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First, assessments with more tasks or items typically have higher reliability. To understand this, consider two tests: one with five items and one with 50items. Chance factors influence the shorter test more than the longer test. If a student does not understand one of the items in the first test the totalscore is very highly influenced (it would be reduced by 20 percent). In contrast, if there was one item in the test with 50 items that was confusing,the total score would be influenced much less (by only 2 percent). Obviously, this does not mean that assessments should be inordinately long, but, onaverage, enough tasks should be included to reduce the influence of chance variations. Second, clear directions and tasks help increase reliability. Ifthe directions or wording of specific tasks or items are unclear, then students have to guess what they mean, undermining the accuracy of their results. Third,clear scoring criteria are crucial in ensuring high reliability (Linn&Miller, 2005).

Validity

Validity is the evaluation of the “adequacy and appropriateness of the interpretations and uses of assessment results” for a given group ofindividuals (Linn&Miller, 2005, p. 68). In plain language, validity refers to the accuracy of a test to measure what it is designed or intended tomeasure. For example, is it appropriate to conclude that the results of a mathematics test on fractions given to English Language Learners accuratelyrepresents their understanding of fractions? Obviously, other interpretations are possible. For example, that the immigrant students have poor English skillsrather than mathematics skills.

It is important to understand that validity refers to the interpretation and uses made of the results of an assessment procedure not of the assessmentprocedure itself. For example, making judgments about the results of the same test on fractions may be valid if the students all understand English well.Validity involves making an overall judgment of the degree to which the interpretations and uses of the assessment results are justified. Validity is amatter of degree (e.g. high, moderate, or low validity) rather than all-or none (e.g. totally valid vs invalid) (Linn&Miller, 2005).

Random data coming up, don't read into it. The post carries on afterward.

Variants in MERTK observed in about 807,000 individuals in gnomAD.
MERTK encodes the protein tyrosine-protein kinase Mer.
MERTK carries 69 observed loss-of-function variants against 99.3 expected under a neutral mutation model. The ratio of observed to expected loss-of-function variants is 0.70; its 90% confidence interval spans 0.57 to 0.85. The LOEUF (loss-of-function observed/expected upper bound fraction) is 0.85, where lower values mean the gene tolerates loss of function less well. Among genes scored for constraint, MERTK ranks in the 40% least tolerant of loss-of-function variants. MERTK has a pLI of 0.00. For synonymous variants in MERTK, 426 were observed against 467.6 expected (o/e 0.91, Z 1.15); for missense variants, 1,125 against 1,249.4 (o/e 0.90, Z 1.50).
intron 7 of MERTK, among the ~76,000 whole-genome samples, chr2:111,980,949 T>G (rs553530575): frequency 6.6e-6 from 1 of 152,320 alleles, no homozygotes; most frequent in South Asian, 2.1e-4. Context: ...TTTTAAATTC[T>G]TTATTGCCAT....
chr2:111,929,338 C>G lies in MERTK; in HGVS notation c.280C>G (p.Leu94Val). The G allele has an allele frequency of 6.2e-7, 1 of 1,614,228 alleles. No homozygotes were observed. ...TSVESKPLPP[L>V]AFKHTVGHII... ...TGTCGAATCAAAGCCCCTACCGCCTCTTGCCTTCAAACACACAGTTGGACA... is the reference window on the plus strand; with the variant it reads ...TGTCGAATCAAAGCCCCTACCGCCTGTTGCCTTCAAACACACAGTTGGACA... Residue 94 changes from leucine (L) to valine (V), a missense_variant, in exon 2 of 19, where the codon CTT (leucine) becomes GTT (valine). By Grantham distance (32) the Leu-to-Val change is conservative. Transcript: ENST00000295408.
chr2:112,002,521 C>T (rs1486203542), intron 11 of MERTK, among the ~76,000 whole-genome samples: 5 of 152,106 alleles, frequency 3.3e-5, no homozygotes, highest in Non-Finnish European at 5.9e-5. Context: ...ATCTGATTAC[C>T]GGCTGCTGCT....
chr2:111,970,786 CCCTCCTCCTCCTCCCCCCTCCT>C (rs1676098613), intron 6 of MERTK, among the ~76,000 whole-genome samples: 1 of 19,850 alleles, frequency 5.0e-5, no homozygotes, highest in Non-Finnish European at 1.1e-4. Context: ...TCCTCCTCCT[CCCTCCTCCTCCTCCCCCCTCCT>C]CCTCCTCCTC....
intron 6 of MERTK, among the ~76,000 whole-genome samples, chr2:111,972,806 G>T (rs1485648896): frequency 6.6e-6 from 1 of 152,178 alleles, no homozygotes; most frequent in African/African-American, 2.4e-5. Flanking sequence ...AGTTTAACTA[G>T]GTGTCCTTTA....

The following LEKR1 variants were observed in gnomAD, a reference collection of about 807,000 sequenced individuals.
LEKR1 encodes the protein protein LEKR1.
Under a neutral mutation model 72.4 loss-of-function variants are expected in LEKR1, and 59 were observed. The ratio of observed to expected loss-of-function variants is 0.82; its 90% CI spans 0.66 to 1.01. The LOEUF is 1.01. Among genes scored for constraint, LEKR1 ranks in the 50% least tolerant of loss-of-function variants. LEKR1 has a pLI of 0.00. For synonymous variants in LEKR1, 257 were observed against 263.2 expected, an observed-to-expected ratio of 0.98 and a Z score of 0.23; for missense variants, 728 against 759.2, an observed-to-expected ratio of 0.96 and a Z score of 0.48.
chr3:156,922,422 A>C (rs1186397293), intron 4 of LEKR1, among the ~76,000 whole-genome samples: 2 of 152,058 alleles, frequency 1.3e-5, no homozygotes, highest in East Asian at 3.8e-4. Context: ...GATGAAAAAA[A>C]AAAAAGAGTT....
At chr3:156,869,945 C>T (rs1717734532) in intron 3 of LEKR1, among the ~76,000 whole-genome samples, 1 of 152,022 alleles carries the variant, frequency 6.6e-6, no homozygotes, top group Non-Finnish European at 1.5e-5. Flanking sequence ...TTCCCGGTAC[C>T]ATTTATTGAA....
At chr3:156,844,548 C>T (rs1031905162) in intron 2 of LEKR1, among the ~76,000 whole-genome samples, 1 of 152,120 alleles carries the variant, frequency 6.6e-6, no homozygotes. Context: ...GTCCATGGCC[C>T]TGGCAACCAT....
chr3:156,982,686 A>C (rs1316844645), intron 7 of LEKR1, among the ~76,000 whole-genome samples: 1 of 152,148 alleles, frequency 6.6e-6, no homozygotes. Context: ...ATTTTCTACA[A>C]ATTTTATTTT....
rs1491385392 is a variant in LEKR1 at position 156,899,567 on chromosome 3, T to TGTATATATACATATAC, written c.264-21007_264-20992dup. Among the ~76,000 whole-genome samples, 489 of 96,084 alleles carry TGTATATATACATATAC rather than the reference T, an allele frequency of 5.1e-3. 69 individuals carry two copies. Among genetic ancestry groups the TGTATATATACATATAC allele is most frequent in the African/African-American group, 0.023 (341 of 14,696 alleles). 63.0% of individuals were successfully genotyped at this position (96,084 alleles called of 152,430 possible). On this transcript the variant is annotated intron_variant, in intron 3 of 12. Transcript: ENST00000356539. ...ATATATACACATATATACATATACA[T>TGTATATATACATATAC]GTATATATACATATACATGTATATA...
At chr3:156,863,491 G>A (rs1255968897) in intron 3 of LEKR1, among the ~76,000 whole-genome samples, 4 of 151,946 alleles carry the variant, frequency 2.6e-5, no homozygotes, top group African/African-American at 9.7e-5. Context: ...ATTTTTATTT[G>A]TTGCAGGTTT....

Three sources of evidence are considered when assessing validity – content, construct and criterion. Content validity evidence is associated with the question: How well does the assessment include the content or tasks it is supposed to? For example, suppose your educationalpsychology instructor devises a mid-term test and tells you this includes chapters one to seven in the textbook. Obviously, all the items in the testshould be based on the content from educational psychology, not your methods or cultural foundations classes. Also, the items in the test should cover contentfrom all seven chapters and not just chapters three to seven – unless the instructor tells you that these chapters have priority.

Teachers have to be clear about their purposes and priorities for instruction before they can begin to gather evidence related to content validity. Contentvalidation determines the degree that assessment tasks are relevant and representative of the tasks judged by the teacher (or test developer) torepresent their goals and objectives (Linn&Miller, 2005). It is important for teachers to think about content validation when devising assessment tasksand one way to help do this is to devise a Table of Specifications. A Table of Specifications identifies the number of items (i.e. questions) on theassessment that are associated with each educational goal or objective.

Construct validity evidence is more complex than content validity evidence. Often we are interested in making broader judgments about students’performances than specific skills such as doing fractions. The focus may be on constructs such as mathematical reasoning or reading comprehension. A constructis an abstract or theoretical characteristic of a person we assume exists to help explain behavior. For example, we use the concept of test anxiety toexplain why some individuals when taking a test have difficulty concentrating, have physiological reactions such as sweating, and perform poorly on tests butnot in class assignments. Similarly, mathematical reasoning and reading comprehension are constructs as we use them to help explain performance on anassessment. Construct validation is the process of determining the extent to which performance on an assessment can be interpreted in terms of the intendedconstructs and is not influenced by factors irrelevant to the construct. For example, judgments about recent immigrants' performance on a mathematicalreasoning test administered in English will have low construct validity if the results are influenced by English language skills that are irrelevant tomathematical problem solving. Similarly, construct validity of end-of-semester examinations is likely to be poor for those students who are highly anxiouswhen taking major tests but not during regular class periods or when doing assignments. Teachers can help increase construct validity by trying to reducefactors that influence performance but are irrelevant to the construct being assessed. These factors include anxiety, English language skills, and readingspeed (Linn&Miller 2005).